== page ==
George Washington inaugurated first President of the United States
On this day in history, April 30, 1789, George Washington is inaugurated the first President of the United States. Washington was informed by Congress on April 14th that he was unanimously elected as the first president. Two days later he left for New York City, the first seat of the US government. As he traveled, he was greeted in each city along with the way by cheering crowds, the tolls of church bells and flowers thrown by grateful admirers.
Washington sailed from New Jersey on April 23rd in a specially decorated barge, accompanied with other dignitaries and numerous smaller boats. They arrived at Murray’s Wharf in New York City to a great throng assembled to greet him. Governor George Clinton then escorted Washington to the house where he would be staying.
On April 30, Washington walked to Federal Hall on Wall Street. The building was New York’s City Hall and had been the meeting place of the Stamp Act Congress in 1765 and of the Confederation Congress from 1785-1789. Washington walked up to the second floor balcony for the inauguration, overlooking a crowd of 10,000 people. The entirety of the First Congress sat on a platform facing the balcony.
On the balcony, Samuel Otis, the Secretary of the Senate, held a red velvet cushion with a Bible open on it. Vice-President John Adams, who had already been sworn in a few days earlier, stood to the side. John Jay, who was then the Confederation Congress’ Secretary of State, Generals Henry Knox and Philip Schuyler and others graced the balcony as well.
New York’s Chancellor Robert Livingston, the highest judge in New York, administered the oath of office to Washington because no Supreme Court justices were yet appointed. Washington placed his left hand on the open Bible and raised his right hand as he made the oath prescribed in the Constitution. When he finished, by his own volition, he leaned down and kissed the Bible and added, "So help me God." At this point, Chancellor Livingston turned to the crowd, said, "It is done!" and "Long live George Washington – the first President of the United States!," to the cheering crowd.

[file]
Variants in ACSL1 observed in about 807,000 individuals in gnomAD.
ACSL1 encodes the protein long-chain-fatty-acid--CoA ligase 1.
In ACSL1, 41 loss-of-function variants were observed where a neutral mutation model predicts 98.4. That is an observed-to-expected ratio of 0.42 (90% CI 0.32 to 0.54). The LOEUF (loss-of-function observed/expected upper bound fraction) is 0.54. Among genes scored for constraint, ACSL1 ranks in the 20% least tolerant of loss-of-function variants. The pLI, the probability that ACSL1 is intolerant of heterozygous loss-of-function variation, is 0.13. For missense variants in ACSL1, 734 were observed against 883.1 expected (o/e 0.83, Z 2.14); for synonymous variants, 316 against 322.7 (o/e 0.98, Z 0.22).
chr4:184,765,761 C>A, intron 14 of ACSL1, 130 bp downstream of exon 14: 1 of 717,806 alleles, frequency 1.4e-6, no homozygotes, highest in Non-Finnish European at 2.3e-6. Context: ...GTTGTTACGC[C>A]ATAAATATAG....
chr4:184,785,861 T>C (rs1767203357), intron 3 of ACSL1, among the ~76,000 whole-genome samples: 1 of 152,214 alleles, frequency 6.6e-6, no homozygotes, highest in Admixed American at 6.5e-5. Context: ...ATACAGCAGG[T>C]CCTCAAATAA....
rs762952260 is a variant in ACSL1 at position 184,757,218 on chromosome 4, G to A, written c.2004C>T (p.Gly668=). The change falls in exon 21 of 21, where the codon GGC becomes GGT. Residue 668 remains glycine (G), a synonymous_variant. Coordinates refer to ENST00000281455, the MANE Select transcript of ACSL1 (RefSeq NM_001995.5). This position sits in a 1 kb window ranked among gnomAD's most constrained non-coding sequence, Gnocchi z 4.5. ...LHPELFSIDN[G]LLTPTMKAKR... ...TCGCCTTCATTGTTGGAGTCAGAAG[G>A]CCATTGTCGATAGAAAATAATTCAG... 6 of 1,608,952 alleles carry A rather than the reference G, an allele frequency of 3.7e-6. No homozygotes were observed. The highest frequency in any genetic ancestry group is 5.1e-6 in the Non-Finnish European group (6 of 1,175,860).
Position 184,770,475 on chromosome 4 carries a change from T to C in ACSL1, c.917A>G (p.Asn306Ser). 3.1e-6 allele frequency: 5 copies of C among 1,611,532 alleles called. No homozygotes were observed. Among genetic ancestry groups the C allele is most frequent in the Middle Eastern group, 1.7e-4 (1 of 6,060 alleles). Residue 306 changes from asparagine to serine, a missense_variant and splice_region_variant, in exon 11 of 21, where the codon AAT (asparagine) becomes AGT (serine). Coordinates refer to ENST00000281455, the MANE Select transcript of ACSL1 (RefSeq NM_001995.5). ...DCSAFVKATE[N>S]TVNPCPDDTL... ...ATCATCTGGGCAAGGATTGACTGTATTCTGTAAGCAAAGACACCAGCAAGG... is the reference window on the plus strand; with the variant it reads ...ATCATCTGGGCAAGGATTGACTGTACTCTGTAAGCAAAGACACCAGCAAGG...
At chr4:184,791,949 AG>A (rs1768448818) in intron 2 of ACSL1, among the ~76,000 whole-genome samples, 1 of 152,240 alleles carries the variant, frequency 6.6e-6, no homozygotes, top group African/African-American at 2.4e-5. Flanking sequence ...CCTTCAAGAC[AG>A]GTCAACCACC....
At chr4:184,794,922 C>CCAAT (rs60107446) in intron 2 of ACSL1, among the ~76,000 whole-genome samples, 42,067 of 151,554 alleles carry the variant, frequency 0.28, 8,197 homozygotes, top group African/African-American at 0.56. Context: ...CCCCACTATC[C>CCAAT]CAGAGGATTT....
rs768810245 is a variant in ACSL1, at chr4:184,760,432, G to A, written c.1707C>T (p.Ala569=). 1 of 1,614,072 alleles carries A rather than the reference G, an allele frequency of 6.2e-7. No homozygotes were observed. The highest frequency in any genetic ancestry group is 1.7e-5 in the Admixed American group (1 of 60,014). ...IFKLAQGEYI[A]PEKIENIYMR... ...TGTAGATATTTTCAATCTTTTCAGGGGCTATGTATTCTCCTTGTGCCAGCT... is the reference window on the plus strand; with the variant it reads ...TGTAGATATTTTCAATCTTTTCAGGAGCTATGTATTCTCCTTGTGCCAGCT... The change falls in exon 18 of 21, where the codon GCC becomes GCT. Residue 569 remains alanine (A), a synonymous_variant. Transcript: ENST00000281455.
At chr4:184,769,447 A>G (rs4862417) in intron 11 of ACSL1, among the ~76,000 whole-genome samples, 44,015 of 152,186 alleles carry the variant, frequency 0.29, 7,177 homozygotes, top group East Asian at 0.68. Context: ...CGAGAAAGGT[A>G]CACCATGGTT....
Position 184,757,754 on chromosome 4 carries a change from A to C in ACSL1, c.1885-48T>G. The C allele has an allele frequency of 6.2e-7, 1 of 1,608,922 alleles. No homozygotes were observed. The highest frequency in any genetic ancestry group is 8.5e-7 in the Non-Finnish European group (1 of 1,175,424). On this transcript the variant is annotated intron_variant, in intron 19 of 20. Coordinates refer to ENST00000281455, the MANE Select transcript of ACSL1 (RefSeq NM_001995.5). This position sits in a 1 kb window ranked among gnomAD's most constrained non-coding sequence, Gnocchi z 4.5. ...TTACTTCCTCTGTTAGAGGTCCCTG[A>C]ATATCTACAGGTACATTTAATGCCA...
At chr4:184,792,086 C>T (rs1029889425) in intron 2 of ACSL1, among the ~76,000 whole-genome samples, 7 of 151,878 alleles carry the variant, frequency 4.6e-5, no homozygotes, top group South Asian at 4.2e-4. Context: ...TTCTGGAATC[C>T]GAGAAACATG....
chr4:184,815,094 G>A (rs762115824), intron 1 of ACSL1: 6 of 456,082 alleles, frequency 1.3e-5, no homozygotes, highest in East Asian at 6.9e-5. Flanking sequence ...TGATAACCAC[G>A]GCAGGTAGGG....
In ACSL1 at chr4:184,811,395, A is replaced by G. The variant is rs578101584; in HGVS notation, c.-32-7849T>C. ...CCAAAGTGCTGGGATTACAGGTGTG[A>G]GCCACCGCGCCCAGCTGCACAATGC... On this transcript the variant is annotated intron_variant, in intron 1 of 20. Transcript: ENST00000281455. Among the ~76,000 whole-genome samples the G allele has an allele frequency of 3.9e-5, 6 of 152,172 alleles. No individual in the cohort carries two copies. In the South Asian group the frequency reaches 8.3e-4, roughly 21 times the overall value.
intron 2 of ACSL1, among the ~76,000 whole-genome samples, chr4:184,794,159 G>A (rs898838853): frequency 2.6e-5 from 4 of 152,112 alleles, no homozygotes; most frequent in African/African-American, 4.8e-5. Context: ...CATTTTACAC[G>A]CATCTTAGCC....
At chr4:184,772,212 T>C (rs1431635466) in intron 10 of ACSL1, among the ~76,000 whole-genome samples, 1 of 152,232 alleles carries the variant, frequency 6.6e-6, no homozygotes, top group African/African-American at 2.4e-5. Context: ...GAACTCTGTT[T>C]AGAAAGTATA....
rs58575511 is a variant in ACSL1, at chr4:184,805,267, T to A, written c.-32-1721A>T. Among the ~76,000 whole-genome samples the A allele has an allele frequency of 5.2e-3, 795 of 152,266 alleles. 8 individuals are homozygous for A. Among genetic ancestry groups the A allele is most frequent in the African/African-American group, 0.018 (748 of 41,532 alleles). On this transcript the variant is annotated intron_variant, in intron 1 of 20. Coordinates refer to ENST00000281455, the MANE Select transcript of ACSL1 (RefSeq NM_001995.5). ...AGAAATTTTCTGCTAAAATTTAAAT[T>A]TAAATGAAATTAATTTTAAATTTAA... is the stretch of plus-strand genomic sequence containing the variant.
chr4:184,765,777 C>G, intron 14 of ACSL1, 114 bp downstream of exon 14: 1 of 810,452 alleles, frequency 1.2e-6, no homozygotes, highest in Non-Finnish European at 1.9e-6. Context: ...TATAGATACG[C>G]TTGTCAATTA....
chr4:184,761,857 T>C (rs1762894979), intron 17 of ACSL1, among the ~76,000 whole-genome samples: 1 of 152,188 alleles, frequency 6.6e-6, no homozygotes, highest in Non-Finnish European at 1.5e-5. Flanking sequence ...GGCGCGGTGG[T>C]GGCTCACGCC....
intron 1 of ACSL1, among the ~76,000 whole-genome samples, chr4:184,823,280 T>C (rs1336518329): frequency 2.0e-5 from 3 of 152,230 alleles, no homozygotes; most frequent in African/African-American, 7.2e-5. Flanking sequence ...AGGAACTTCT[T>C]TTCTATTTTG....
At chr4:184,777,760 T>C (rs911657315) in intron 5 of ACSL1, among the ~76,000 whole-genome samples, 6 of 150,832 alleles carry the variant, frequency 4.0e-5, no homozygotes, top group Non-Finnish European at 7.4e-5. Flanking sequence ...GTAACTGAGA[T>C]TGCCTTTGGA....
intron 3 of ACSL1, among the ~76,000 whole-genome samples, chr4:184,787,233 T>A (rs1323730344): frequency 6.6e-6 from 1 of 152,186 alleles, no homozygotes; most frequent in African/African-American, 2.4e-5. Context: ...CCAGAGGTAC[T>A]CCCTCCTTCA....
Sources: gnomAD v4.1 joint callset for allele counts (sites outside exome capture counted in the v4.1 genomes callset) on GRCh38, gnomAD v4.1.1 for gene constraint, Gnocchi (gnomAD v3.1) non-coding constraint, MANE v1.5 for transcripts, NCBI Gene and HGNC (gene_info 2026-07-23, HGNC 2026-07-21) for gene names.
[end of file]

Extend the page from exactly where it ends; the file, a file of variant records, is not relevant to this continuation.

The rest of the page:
Washington then entered the Senate Chamber and addressed both houses of Congress with a short speech in which he talked about his own inability to perform the office and desire to be back at Mount Vernon, his desire that each of them think of the country as a whole and not simply their own districts and made numerous references to God’s hand in establishing the United States and their dependence on Him for future prosperity. He also informs them that he will not take any pay from them for serving as President.
After addressing the Congress, Washington, Adams and the rest of Congress walked down Broadway to St. Paul’s Chapel to pray for the new nation, take communion and hear a sermon preached by the Reverend Samuel Provost, who was chosen as the Senate’s first chaplain. The prayer service was scheduled by an Act of Congress a few days before the inauguration. This is the same Saint Paul’s Chapel that survived the terrorist attacks of 9/11 at the foot of the World Trade Center.
After the inauguration, George Washington was entertained at a lavish dinner put on by Governor Clinton and in the evening, fireworks and cannon balls were shot over the city in celebration of the new nation and her first president.
National Society Sons of the American Revolution
"I often note with equal pleasure that God gave this one connected country to one united people — a people descended from the same language, professing the same religion, attached to the same principles of government, very similar in manners and customs, who by their joint counsels, arms, and efforts, fighting side by side through a long bloody war, have nobly established general liberty and independence." —John Jay (1787)